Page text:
(Author’s Note: Due to this post I have added a new Category, History Shmistory, now found on the Navigating the Blog page.)
We’ve all heard the phrase “When in Rome…” which is short for “When in Rome, do as the Romans do.” In American culture, this quote is generally used to excuse a lavish or indulgent act, like drinking before noon or deciding to take the day off from work. (Is that also the reason government buildings tend to mimic Roman architecture?)
Anyway, Ancient Rome was a place of great beauty, where the rich lounged and drank wine under the light breeze from their slaves’ palm-leaf-fanning. These slaves also probably curtsied meekly, because otherwise what’s the point? Rome was the height of civilization and culture.
But they also made slaves fight to the death, and ate until they threw up, because, you know, why not? So, as beautiful as Ancient Rome was, it was also a pretty weird place.
You may remember that last Thursday I had an encounter with my new favorite tool, the Strigil (thank you Chris), which is a hand-held, curved piece of metal used to scrape off dirt and sweat after applying perfumed oils. This seems pretty weird to us, but to be fair they didn’t really use soap so at least they came up with some sort of cleansing process. Also, the strigil is only the tip of the weird Roman iceberg.
I could use a good strigil-ing.
Another commonly known fact about Ancient Romans is maybe how the color purple was considered royal, making it treason for anyone but the Emperor of Rome to wear all-purple clothing. Or maybe how left-handed people were considered unlucky, which also happens to be the origin of the word sinister.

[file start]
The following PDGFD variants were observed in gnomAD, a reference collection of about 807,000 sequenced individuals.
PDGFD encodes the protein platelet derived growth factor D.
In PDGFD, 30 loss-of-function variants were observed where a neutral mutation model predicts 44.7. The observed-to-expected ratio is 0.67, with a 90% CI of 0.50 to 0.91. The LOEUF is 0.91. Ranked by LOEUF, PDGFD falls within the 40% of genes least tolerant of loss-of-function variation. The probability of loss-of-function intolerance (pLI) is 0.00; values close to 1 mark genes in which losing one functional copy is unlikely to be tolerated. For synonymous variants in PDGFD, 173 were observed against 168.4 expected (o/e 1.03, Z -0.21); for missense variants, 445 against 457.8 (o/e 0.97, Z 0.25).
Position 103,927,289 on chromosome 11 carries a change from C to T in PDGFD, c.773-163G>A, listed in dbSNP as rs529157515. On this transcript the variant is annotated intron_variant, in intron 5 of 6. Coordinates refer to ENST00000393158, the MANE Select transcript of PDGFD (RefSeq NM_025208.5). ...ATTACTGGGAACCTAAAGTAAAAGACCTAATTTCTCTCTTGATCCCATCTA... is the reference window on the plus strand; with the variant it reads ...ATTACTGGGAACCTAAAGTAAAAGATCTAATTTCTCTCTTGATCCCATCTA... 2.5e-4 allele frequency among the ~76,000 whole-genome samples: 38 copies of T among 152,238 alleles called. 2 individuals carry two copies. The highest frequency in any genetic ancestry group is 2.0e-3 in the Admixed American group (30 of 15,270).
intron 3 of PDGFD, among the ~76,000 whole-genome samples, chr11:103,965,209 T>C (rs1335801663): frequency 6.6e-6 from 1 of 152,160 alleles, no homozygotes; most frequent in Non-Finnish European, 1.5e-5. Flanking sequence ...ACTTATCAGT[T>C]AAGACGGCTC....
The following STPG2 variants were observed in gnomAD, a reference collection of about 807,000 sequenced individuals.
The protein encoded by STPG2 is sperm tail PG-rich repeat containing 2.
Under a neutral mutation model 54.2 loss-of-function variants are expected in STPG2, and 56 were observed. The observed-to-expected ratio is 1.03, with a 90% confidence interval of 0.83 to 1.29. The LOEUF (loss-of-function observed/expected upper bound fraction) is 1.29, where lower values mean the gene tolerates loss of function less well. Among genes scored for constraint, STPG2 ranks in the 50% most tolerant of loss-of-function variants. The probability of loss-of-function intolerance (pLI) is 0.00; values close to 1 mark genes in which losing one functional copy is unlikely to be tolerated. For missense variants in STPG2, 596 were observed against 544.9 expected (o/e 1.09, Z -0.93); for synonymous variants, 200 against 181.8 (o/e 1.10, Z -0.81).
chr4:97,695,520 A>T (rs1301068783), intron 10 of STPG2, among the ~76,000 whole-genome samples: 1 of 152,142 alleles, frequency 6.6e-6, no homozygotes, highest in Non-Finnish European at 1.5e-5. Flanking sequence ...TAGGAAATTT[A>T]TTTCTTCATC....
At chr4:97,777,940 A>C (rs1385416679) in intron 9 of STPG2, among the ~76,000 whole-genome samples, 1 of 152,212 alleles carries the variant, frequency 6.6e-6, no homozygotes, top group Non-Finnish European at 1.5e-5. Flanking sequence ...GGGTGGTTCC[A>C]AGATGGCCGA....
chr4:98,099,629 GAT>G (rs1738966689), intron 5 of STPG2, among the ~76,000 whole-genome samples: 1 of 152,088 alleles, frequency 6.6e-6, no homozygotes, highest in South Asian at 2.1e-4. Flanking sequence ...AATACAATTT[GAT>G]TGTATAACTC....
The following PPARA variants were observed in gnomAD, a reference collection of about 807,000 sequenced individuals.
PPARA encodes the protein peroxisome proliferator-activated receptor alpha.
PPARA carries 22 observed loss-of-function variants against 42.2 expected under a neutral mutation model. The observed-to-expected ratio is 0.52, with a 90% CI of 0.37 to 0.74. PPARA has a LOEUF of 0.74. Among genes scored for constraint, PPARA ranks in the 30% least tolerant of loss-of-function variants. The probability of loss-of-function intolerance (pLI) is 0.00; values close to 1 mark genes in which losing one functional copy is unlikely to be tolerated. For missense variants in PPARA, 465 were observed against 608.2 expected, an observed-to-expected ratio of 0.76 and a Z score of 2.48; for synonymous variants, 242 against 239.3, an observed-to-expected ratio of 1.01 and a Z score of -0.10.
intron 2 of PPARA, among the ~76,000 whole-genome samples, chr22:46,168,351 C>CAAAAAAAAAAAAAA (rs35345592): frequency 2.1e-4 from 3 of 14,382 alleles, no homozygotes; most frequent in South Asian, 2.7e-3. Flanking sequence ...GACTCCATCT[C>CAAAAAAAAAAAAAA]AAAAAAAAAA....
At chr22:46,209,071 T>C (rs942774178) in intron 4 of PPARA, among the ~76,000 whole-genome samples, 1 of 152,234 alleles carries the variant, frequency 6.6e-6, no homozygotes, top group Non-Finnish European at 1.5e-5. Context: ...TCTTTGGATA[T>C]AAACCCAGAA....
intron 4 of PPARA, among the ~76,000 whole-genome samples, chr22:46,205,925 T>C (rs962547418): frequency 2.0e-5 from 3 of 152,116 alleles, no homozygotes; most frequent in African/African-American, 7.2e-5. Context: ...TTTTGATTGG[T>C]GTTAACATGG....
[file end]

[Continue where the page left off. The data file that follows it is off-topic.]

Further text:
Little known fact: Lil’ Wayne is Roman royalty.
You might even remember the Roman obsession with phalluses, if you had a particularly liberal history teacher in High School. The phallus was considered a lucky object, which seems to have been a good choice seeing as men have controlled society for the past several thousand years. You may not have known, though, that sculpted phalluses were worn as charms and necklaces.
Romans let it all hang out.
Another interesting tidbit: Roman bathhouses were a social environment. This may not seem weird at first, but just imagine sitting next to someone else who is actively using the toilet and having a conversation with them. This obviously didn’t last, and I’m starting to think Rome may have actually fell out of sheer awkwardness.
Guys today don’t even make eye contact at the urinal.
And then there’s Caligula.
Side Note: This picture is accurate. Greek and Roman sculptures were actually painted to be life-like, back in their day. Which probably would have made for the creepiest walk around the city, like, ever.
Emperor Caligula, or Gaius Julius Caesar Augustus Germanicus, was Emperor of Rome from 37 AD to 41 AD. He was also the first Roman Emperor to be assassinated, meaning he lasted a whopping 4 years before someone decided he was just too freaking weird to continue living.
Did I mention he was crazy? Aside from frequently dressing up in what was considered women’s clothing, which to be fair isn’t all that deserving of death, he was known for his “cruelty, sadism, extravagance, and intense sexual perversity, presenting him as an insane tyrant.” Yes, I just quoted the same Wikipedia article I linked to two paragraphs ago. I’m that kind of person. But in my defense it’s a good Wikipedia article, and I highly suggest reading it. Especially the section on “Scandals.”
Like most people who go mad with power, Emperor Caligula did not come to a pleasant end, and there was much rejoicing once they sorted out who would be Emperor next. But I’m not a Caligula fan simply because he had a Julius Caesar-esque death. I also appreciate that he really loved his horse.
It’s recorded that Incitatus, Emperor Caligula’s favorite horse, was living in a stable made of marble and ate out of a manger made of Ivory. Also, Caligula also supposedly had plans to make his steed a Consul, otherwise known as the highest elected office of the Roman empire. Which is usually either regarded as plain insanity or a clever joke about how a horse could do a Senator’s job. Or maybe both.
So, thank you Ancient Romans. Thank you Emperor Caligula. You did more than your part in making history a fun thing to learn about. I appreciate you all dearly.